How NOT to repair a microscope power supply...

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rjlittlefield
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How NOT to repair a microscope power supply...

Post by rjlittlefield »

This is an autopsy report regarding a microscope body that I bought on eBay several years ago.

It was an Olympus CH, and mostly I wanted it for the focusing mechanism. The eBay ad said that the light didn't work. When the scope came it was clear that the base had experienced some sort of trauma, because all the mounting lugs had been broken off the baseplate and the thing was held together with orange plastic tape. Nonetheless the focusing mechanism worked fine and the condenser and objective turret were in good shape. Oddly, the light also worked fine. I figured the auction place just didn't know to work the brightness slider along with flipping the power switch.

Anyway, I've been using the scope for several years for a variety of purposes, for example as shown here in my Bellows on scope base thread from clear back in 2010.

Image

Until recently, I never got around to taking the baseplate off.

When I finally did, this is what I saw:

Image

OK, fine, so an electrolytic capacitor exploded. They fail that way once in a while, though in my experience it's pretty rare.

On closer consideration, though, I noticed something rather odd. This particular electrolytic capacitor, 0.1 microfarad at 500 WVDC, seems to have been wired essentially straight across the AC mains. Of course that's a recipe for disaster, since DC electrolytic capacitors tend to turn into short circuits if they're ever subjected to reversed voltage.

So now I have this vision of a botched repair, in which some slightly distracted repair person grabs the wrong type of capacitor to replace a failed one, solders it in, puts the scope back together, turns it on, and very shortly afterward experiences something rather like a firecracker going off inside the scope. "Hello, eBay? I have something to sell..."

But it's just a vision, and sometimes imagination fails me. Perhaps some other component has failed too, causing AC to be present in a place where there is supposed to be only DC.

For what it's worth, here's the overview. The base is just labeled CH, with serial number 309978; the arm says CHA.

Image

Can somebody with a working scope tell me what sort of component is supposed to be in that position, and maybe provide a schematic?

--Rik

g4lab
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Post by g4lab »

The .1mfd 500 volt capacitor looks to have one lead connected to the chassis which should be electrically continuous with the green ground lead and corresponding pin on the AC plug.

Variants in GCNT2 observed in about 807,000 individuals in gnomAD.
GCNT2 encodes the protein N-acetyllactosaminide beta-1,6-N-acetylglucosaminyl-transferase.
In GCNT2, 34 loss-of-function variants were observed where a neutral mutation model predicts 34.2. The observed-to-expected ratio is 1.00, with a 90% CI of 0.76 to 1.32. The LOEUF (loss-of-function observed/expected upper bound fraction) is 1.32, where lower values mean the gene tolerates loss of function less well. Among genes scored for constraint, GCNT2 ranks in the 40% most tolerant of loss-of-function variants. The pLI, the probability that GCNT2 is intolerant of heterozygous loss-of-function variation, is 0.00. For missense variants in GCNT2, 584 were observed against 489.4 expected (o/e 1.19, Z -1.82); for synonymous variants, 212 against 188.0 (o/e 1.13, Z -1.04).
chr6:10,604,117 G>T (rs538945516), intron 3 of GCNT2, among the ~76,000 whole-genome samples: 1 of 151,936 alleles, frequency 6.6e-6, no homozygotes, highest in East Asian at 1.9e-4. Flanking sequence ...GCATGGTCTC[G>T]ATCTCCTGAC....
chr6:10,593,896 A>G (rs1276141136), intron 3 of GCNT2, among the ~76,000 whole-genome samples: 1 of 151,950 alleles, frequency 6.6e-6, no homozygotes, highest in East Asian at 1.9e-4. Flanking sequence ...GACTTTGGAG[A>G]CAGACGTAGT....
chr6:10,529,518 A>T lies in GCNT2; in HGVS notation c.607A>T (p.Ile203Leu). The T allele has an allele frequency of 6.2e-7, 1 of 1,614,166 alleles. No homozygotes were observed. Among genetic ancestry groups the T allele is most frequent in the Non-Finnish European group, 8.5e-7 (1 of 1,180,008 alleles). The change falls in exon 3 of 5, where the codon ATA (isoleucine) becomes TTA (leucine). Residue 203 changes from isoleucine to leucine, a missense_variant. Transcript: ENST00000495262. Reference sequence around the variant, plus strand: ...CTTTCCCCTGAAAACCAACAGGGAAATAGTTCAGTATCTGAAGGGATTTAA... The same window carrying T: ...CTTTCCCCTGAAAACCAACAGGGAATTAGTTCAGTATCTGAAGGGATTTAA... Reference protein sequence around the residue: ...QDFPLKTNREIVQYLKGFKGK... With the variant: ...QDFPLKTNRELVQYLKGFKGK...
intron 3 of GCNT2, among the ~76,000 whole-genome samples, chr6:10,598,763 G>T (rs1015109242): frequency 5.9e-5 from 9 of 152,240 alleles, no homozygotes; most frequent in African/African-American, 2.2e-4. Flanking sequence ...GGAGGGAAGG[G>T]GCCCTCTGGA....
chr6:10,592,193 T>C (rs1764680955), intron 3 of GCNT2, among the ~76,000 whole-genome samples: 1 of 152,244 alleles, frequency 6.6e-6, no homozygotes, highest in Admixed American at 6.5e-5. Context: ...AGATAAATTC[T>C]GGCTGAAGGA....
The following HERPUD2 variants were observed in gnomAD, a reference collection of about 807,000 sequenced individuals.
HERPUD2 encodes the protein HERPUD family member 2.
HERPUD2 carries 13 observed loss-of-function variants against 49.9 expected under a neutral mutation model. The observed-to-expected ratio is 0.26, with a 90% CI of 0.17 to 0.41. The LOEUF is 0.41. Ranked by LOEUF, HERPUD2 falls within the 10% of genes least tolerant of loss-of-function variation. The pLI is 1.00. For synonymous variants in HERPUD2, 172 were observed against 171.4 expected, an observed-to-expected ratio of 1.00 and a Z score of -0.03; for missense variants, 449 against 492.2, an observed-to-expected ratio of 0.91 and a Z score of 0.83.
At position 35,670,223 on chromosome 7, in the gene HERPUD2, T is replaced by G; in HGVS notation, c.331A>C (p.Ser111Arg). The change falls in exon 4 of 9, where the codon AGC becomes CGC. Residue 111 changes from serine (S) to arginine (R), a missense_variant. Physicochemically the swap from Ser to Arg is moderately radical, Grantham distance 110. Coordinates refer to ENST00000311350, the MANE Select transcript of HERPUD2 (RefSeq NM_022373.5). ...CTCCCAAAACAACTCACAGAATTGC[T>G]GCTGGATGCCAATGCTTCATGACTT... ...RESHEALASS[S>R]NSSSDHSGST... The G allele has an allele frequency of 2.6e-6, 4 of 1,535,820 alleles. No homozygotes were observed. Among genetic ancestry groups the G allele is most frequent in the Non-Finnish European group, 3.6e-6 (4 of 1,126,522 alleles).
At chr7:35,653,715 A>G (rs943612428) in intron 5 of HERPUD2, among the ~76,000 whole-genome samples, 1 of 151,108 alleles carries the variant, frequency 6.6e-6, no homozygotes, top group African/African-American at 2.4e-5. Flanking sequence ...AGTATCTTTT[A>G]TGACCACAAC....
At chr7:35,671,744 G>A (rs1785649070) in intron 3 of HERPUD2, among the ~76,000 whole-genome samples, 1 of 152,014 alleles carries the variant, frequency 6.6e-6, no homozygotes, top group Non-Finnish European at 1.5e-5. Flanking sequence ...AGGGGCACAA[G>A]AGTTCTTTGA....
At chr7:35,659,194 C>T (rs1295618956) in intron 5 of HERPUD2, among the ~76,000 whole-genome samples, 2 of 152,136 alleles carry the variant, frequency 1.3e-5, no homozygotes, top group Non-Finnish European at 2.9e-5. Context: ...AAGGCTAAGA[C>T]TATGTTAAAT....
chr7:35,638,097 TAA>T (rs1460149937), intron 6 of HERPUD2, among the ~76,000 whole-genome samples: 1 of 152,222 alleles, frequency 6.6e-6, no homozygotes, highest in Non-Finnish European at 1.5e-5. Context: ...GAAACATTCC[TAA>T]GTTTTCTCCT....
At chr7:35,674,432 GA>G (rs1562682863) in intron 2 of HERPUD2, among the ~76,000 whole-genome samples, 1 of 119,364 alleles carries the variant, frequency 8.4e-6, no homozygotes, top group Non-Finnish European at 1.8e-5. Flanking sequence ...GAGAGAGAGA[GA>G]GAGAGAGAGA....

Probably the cap that blew and the 0.1 are part of a scheme to keep electrical noise spikes from exiting the unit into the AC line. The scope probably has some kind of SCR or triac to control the lamp brightness and when these are dimming (ie. chopping the AC duty cycle with very sharp rise times, they can put out a lot of buzzing noises that can be picked up by other electronic gear. So companies that want to be good citizens put filtration at the input which prevents such sharp rising transients from going either into or out of the piece of equipment. Maybe lightning struck in the neighborhood and popped that capacitor. If it is just a line filter that would explain it still working properly. It appears to be connected between the white wire (neutral) and chasis ground (green). In order to make a high voltage AC resisting capacitor they may have taken two capacitors and wired them in series with the "outer foils" opposite. If they were both identical 500 volt DC caps that should have been close since
the peak voltage to resist in a 120 volt AC (rms) circuit is about 170 or 180 volts. So two 500 volt caps should have done fine.
But when lightning strikes all bets are off. dV/dT and dI/dT go into other regimes and things pop.

wjy is there both a brightness slider and also apparently a variable resistor/potentiometer at the rear. It also has two transformer and coil looking things. The big toroidal at the front and the cheap looking one on the side. If they only have two terminals they one of them is probably an inductor to reduce the rate of rise on the power phase control. Often these things have SCR/triacs driving the step down transformer which then sort of converts the waveform back towards a sine wave because of inductive reactance.

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Post by rjlittlefield »

Sorry, the photo is not clear.

The cap that blew and the gray label you can still read are the same cap. There were definitely not two, back to back. As for the wiring, my meter shows around 1 ohm from one end to the neutral pin of the plug, 1 ohm from the other end to the hot pin of the plug, and infinity from each end to chassis / ground pin. What looks like a connection to chassis is just mechanical mounting to a plastic post on a plastic baseplate. I like the idea that it's a filtering cap, but DC makes no sense in this position.

According to the operating manual, the flat adjustable thing at upper center is a "Line voltage selector switch." It's labeled on the outside as 100V-110V-120V. The adjustable pot at lower left is described as a "Rheostat trimmer screw // After switching on, if necessary, rotate this screw with a coin until the bulb is dimly lit, with the sliding control switch at minimum voltage position." Text on page 7 says that "The built-in rheostat incorporates a thyristor in its semi-conductor circuit", so that's certainly consistent with the idea of filtering noise.